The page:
But Albanese tells me he did not mean to imply that domestic sex trafficking is not a serious issue. “To go from saying that these are not actual counts of any sort to saying that this is not a problem is going way too far,” he says. “It’s clearly missing the point. It’s like saying we really don’t know how many people are truly at risk of breast cancer or prostate cancer, so therefore the problem isn’t that big.”
As The Village Voice freely admits, it has a vested interest in this debate. Village Voice Media owns Backpage.com, a major adult-services classified website. Until last year, the site was second only to Craigslist in the sex-ads business. Activists accused both sites of enabling the trafficking of underage girls, and under mounting pressure, Craigslist shuttered its erotic-services section last September. That made Backpage even more lucrative. According to the consulting firm Advanced Interactive Media Group, “Backpage.com’s revenue from online prostitution ads in 23 U.S. cities increased 15.3 percent to at least $1,671,685 in September compared with August.”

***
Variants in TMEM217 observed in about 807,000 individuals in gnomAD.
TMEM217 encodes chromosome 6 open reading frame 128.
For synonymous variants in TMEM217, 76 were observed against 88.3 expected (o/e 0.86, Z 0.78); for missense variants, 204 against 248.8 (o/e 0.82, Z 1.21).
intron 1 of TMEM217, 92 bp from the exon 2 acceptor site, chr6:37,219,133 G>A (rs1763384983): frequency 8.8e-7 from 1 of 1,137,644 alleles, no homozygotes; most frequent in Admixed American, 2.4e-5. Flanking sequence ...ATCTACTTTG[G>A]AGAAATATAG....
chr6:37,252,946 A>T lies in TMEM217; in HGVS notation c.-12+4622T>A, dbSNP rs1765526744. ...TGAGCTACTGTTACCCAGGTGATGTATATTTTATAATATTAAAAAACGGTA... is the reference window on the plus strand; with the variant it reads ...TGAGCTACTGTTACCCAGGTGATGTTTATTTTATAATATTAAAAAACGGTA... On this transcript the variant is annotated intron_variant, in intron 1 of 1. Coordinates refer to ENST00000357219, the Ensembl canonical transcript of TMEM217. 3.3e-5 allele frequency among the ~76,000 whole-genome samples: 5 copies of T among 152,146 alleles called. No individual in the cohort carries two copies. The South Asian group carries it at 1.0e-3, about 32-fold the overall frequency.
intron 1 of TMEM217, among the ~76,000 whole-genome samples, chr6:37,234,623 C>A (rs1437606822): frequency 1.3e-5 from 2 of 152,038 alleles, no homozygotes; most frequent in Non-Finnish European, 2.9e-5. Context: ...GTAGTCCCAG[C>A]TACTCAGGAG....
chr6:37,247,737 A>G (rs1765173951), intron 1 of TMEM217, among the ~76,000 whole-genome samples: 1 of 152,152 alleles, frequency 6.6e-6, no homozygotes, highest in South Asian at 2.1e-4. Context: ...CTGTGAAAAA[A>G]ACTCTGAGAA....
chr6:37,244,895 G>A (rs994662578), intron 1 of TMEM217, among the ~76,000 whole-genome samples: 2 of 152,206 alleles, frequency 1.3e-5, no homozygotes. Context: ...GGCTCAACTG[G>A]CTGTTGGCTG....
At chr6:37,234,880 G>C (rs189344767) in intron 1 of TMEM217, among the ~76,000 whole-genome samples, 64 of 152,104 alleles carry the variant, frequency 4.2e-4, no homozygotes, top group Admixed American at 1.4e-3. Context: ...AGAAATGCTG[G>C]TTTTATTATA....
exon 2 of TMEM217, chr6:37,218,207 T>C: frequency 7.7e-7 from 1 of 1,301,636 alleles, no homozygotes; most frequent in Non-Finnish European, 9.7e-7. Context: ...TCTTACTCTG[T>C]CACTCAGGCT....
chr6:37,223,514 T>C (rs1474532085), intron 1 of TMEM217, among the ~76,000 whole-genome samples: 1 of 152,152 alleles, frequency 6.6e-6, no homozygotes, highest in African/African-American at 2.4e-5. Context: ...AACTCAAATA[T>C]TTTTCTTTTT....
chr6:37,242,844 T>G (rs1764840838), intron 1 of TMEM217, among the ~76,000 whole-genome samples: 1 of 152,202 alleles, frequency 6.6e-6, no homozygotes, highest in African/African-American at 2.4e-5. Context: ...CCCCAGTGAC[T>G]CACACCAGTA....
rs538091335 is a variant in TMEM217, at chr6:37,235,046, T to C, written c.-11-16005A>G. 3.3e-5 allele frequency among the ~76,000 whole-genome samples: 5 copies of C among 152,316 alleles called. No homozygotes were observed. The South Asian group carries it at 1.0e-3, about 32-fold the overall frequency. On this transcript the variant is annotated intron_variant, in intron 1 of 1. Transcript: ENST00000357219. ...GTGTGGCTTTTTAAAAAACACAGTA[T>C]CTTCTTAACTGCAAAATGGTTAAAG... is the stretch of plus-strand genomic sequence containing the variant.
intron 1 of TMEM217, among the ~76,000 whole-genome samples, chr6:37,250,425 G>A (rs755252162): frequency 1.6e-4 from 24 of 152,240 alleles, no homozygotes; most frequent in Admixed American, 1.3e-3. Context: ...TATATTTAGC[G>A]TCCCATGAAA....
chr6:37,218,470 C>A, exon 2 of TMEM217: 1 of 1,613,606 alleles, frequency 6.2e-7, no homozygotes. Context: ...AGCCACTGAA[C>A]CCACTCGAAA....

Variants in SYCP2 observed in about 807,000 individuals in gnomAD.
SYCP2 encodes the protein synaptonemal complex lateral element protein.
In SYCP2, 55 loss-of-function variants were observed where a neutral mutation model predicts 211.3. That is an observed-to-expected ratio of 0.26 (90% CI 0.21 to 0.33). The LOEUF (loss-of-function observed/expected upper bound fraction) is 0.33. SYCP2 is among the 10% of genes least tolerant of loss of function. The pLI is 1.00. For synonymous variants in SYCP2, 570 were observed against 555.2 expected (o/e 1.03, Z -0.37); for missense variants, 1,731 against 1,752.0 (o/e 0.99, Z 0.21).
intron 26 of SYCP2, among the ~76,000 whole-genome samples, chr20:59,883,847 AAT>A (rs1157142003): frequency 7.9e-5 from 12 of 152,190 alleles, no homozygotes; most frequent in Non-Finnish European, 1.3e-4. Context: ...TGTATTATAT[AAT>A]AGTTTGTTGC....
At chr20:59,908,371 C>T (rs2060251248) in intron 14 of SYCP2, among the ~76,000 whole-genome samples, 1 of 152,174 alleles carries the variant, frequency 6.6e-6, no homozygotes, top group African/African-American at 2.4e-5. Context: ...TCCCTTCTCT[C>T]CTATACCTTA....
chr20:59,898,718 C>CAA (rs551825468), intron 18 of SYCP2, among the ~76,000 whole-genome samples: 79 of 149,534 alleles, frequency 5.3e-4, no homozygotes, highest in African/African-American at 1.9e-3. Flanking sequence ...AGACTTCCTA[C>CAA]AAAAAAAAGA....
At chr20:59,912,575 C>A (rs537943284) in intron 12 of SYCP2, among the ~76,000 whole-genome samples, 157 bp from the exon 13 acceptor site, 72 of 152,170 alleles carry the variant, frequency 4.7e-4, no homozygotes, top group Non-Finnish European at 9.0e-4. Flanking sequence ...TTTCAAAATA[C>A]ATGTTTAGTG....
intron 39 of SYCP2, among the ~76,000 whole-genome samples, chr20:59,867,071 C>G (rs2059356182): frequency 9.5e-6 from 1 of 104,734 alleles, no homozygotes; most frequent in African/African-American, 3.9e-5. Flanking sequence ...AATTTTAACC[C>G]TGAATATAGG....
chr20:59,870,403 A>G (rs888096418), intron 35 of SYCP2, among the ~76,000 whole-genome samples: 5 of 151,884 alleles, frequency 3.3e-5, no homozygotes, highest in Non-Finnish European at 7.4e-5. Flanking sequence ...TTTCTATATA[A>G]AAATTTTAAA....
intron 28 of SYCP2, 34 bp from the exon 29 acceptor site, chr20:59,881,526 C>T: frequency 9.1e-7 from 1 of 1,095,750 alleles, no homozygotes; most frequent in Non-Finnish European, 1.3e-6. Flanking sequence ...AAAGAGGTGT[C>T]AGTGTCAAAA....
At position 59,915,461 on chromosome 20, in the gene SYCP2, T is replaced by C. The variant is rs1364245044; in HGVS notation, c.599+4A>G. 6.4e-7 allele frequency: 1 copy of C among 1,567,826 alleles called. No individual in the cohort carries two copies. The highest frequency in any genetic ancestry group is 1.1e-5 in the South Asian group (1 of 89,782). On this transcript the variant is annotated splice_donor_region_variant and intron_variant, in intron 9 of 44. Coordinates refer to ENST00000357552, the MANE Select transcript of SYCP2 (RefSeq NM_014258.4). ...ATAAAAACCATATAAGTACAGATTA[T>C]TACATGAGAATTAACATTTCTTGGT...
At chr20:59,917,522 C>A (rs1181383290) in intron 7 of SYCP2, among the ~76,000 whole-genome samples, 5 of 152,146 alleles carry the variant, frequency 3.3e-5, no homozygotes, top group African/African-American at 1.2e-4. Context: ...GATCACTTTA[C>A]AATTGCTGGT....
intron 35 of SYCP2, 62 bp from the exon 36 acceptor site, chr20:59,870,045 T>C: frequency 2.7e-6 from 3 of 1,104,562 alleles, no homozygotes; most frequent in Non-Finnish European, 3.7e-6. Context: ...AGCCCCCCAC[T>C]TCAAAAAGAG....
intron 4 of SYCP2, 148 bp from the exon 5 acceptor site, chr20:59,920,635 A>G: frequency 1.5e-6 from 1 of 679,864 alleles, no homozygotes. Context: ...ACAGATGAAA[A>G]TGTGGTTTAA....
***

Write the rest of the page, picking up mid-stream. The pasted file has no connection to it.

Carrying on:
Since then, activists have been calling on Village Voice Media to shut down Backpage’s sex ads. The Rebecca Project for Human Rights ran ads in papers owned by the company saying, “Each year, 100,000 children are sold for sex in America—many through your website, Backpage.com. Do you really want to provide a platform for predators who pay for sex with girls?” A Missouri teenager filed a lawsuit against Village Voice Media for aiding and abetting her pimp, Latasha Jewell McFarland, who used Backpage.com to sell her for $100 per sex act when she was 14.